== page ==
Religion Magazine

Fighting Against Chilul Shabbos

By Gldmeier @gldmeier
I am not one for telling others to live their lifestyle as I do. I am not one for telling others what they should or should not do. I recognize we live in a largely secular state, and I am happy we are afforded the religious freedoms to live our lives as we please, and everybody can, for the most part, live each person according to his and her desires.
The Eurovision was a big deal. It caused mass chilul shabbos, even though the performance itself was not on Shabbos. It upset many. But only sort of. Only superficially. I am pretty sure even the Haredi community who wants the public face of Israel to be "more Jewish" in nature with no public officially sanctioned Shabbos-desecration are really ok with it and just feel the need to make an official protest. to be yotzei zein, as they say.
This past week it seemed as if the rabbonim and askanim suddenly woke up and discovered the Eurovision had fallen upon Israel. At the last minute the rabbonim are declaring their shock and anger, as if this has not been a year in the planning, with Haredi representatives in powerful positions in the government and part of the decision-making process. Suddenly, at the last minute we have to have a mass tefila rally, we have to add time to our shabbos observance, we have to threaten the government, postpone coalition negotiations, etc.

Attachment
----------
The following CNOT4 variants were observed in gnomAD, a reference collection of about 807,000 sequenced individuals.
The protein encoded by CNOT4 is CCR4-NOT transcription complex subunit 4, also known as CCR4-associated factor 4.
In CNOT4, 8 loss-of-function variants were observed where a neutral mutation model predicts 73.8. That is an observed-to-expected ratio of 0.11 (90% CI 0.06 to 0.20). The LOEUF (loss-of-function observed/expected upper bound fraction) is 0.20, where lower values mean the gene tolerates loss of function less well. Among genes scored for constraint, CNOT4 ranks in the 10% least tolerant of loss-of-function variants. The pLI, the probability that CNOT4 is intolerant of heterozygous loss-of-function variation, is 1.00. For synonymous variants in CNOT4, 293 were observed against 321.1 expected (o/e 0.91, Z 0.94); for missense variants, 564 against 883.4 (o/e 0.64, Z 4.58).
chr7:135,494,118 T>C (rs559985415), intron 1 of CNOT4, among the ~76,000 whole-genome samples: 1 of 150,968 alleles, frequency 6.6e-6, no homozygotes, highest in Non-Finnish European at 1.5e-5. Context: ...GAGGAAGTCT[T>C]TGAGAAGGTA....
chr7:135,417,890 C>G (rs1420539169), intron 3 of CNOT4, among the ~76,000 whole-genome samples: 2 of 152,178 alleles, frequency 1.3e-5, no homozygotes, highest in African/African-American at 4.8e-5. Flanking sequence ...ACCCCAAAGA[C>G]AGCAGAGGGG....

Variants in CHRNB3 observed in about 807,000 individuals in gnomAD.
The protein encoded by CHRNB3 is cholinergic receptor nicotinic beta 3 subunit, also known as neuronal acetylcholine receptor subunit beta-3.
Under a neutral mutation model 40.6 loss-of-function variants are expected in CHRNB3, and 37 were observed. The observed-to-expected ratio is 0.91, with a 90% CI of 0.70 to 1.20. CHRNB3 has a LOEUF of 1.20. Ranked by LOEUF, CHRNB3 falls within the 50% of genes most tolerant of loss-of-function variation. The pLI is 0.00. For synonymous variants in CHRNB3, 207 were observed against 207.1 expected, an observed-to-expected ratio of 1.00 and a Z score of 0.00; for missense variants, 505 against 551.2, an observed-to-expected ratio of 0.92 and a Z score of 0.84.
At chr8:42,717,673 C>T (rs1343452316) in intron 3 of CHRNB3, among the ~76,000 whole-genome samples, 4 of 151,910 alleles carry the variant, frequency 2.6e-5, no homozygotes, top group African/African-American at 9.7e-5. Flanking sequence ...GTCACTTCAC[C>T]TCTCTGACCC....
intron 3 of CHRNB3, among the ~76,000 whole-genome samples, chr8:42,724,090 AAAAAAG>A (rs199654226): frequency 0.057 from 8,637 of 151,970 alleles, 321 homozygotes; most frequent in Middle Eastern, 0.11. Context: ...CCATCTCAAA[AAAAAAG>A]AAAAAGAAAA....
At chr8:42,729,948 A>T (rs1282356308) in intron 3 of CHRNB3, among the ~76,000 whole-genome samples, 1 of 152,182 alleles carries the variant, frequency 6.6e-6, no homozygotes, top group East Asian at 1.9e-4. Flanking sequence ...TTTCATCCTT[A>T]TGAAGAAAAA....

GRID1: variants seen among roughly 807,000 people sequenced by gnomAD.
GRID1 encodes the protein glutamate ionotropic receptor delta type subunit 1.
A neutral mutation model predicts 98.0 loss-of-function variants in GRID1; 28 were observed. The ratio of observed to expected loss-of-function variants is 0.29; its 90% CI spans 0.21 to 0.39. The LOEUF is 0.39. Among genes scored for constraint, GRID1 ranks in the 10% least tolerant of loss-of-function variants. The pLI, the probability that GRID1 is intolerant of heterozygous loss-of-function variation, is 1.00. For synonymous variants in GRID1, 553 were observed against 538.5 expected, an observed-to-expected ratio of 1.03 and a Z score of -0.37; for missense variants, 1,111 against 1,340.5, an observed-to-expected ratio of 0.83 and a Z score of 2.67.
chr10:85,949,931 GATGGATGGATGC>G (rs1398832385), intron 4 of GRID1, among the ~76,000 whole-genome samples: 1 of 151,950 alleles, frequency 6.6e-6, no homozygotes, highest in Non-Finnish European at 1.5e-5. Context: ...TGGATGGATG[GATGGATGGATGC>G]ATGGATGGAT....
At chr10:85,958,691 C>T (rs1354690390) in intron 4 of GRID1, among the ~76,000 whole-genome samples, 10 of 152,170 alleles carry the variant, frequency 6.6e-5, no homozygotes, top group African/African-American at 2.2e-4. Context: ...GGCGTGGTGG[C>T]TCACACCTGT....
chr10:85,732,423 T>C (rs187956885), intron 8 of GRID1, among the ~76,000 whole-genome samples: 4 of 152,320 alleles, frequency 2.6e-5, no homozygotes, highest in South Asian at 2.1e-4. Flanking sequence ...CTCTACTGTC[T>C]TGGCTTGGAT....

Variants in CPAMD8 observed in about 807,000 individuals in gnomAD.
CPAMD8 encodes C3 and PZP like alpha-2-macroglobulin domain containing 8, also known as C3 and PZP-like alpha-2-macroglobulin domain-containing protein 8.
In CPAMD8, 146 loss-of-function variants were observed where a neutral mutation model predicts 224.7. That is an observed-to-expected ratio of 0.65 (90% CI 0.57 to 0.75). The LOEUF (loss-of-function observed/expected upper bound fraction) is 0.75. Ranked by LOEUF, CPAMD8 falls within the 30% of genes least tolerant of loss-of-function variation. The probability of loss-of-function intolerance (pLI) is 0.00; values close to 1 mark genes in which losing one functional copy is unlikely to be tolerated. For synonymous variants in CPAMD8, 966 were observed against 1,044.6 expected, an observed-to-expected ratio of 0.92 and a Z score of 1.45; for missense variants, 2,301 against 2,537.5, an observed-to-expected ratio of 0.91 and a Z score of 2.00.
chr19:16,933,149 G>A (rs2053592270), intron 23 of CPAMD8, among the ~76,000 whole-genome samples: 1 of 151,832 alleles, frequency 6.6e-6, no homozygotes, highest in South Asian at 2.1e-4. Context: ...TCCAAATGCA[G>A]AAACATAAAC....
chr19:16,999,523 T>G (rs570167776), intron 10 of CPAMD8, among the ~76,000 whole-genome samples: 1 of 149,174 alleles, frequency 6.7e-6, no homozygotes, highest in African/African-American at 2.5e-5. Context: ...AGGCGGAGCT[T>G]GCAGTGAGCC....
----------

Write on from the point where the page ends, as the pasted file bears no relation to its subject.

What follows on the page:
For a year it was worked on. It was going to be in Jerusalem, as it had been two times previously without any trouble, but Israel decided Tel Aviv would be a better venue and would "hurt" the Haredim less out there. And UTJ and Shas were part of that decision-making process. Eurovision, and its schedule, was not a surprise to anybody in Israel. For weeks just a few months ago the biggest point of discussion was what Shalva would do about competing and the rehearsals that had to be on Shabbos with no exception. Nobody can say they were surprised at the last minute by the schedule of Eurovision. Instead of planning a proper response, at the last minute they came up with a few ideas of protest, and barely had time to promote these ideas to the public, so it would look like the religious don't approve.
Now it turns out, that the religious representatives in Tel Aviv, and specifically the Gur chassid rep (with Gur often leading the Shabbos fights around the country) were perfectly fine with staying in the local municipal coalition despite the chilul shabbos, while doing nothing of note to minimize or stop it.
Just today the mayor of Ramat Gan announced he is going to start public transportation on Shabbos. The Shas rep who is Deputy Mayor has refused to comment, has not resigned, and seems to prefer the national reps make noise about it while actually not doing anything at the local level.
I am in favor of recognizing that we are living in a secular state and the secular state has its way of life and the residents want what they want. I have no interest in forcing them to live a Shabbos-observance lifestyle - I prefer they come to that lifestyle on their own. Forcing Shabbos observance on people does nothing to bring them closer to religion and.or Torah and mitzvos. Until they do, it is not my place to force them to do what I want.
So, better to not turn these things into big fights. Especially when there is already some sort of quiet understanding and agreement about it. If you are going to fight about it, there is no reason to just fight so you can say you fought, but be real about it. And if you aren't going to be real about and fight for real with all the repercussions, don't bother.
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